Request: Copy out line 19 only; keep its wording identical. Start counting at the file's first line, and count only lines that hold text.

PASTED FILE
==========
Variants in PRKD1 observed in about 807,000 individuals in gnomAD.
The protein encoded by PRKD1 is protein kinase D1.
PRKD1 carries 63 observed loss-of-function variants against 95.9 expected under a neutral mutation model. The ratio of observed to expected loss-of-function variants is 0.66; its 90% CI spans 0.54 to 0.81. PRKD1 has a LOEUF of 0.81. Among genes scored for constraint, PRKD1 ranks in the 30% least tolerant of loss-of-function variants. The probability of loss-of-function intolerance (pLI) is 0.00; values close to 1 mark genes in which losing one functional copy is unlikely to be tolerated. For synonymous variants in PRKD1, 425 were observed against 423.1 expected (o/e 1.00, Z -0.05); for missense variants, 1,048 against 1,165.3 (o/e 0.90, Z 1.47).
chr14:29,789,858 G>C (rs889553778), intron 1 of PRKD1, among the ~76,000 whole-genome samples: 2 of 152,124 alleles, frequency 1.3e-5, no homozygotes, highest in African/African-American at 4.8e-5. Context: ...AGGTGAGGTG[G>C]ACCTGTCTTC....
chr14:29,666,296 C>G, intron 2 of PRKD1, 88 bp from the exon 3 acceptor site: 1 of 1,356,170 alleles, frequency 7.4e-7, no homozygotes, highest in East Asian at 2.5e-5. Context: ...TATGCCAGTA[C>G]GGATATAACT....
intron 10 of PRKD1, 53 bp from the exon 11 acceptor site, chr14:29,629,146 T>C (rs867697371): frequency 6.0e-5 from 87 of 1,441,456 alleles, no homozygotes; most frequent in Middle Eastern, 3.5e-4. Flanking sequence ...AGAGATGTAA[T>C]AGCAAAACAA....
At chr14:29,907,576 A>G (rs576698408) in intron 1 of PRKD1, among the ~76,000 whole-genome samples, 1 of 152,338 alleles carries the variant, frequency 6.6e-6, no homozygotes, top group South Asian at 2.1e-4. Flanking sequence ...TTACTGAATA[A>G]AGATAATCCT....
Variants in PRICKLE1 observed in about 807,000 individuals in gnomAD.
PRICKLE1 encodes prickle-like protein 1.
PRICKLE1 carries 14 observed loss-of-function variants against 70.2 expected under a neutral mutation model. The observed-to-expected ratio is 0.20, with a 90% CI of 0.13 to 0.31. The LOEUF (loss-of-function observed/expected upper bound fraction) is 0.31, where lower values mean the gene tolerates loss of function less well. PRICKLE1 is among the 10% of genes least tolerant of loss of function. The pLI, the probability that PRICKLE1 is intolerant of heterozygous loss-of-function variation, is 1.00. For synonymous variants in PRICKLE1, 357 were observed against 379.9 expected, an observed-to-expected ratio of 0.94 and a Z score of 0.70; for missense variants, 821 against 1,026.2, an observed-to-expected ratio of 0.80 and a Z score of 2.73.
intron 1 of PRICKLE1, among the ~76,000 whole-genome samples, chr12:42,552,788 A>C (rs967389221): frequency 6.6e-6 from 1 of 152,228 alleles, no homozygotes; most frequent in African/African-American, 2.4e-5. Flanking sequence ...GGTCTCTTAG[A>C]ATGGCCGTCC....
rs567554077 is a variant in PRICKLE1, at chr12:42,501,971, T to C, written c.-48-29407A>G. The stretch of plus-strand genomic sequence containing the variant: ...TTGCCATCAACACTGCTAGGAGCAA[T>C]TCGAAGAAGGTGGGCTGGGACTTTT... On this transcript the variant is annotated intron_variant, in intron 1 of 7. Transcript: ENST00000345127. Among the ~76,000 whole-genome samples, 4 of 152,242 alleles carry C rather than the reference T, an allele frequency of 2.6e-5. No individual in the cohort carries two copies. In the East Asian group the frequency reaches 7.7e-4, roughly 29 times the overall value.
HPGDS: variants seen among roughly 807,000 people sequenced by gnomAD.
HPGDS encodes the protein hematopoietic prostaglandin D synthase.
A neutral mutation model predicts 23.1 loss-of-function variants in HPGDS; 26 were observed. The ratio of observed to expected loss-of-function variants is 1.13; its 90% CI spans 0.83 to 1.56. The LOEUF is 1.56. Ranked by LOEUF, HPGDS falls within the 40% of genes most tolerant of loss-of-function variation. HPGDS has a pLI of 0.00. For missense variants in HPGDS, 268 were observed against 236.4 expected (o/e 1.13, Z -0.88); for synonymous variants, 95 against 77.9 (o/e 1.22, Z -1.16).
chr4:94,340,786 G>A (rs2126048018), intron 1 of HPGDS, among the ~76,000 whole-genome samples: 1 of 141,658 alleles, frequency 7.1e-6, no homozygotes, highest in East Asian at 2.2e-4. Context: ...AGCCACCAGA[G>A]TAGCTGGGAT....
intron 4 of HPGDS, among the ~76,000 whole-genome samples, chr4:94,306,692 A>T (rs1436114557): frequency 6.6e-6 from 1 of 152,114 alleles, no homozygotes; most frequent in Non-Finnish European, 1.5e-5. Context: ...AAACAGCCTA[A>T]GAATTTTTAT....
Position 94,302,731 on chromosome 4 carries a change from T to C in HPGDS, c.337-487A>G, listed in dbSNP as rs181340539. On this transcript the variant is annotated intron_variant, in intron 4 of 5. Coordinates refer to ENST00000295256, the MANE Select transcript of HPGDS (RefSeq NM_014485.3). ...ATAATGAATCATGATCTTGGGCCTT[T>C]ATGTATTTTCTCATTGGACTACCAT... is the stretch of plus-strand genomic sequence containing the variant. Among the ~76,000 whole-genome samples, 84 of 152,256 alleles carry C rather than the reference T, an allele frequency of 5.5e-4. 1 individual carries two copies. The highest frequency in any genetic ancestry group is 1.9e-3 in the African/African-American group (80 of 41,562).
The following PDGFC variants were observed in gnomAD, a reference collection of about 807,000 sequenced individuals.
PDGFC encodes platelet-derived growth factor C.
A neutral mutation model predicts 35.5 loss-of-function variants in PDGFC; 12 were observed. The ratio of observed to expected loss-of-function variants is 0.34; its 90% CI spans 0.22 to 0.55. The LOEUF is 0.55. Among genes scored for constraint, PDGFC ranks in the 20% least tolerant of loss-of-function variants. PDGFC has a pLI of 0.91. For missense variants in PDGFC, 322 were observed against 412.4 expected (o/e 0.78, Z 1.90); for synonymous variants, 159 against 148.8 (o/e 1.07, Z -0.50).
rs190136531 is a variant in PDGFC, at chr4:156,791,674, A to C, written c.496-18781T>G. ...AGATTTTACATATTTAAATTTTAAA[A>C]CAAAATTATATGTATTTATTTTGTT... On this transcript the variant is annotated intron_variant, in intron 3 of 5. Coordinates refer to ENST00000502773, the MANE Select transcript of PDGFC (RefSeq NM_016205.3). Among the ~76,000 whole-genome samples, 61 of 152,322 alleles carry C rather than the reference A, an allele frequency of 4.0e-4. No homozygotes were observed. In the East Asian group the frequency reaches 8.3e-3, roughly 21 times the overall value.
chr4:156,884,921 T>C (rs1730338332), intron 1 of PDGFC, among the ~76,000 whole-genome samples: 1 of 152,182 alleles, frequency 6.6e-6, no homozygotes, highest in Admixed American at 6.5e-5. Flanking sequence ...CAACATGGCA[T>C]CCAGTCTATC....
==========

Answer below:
The following PDGFC variants were observed in gnomAD, a reference collection of about 807,000 sequenced individuals.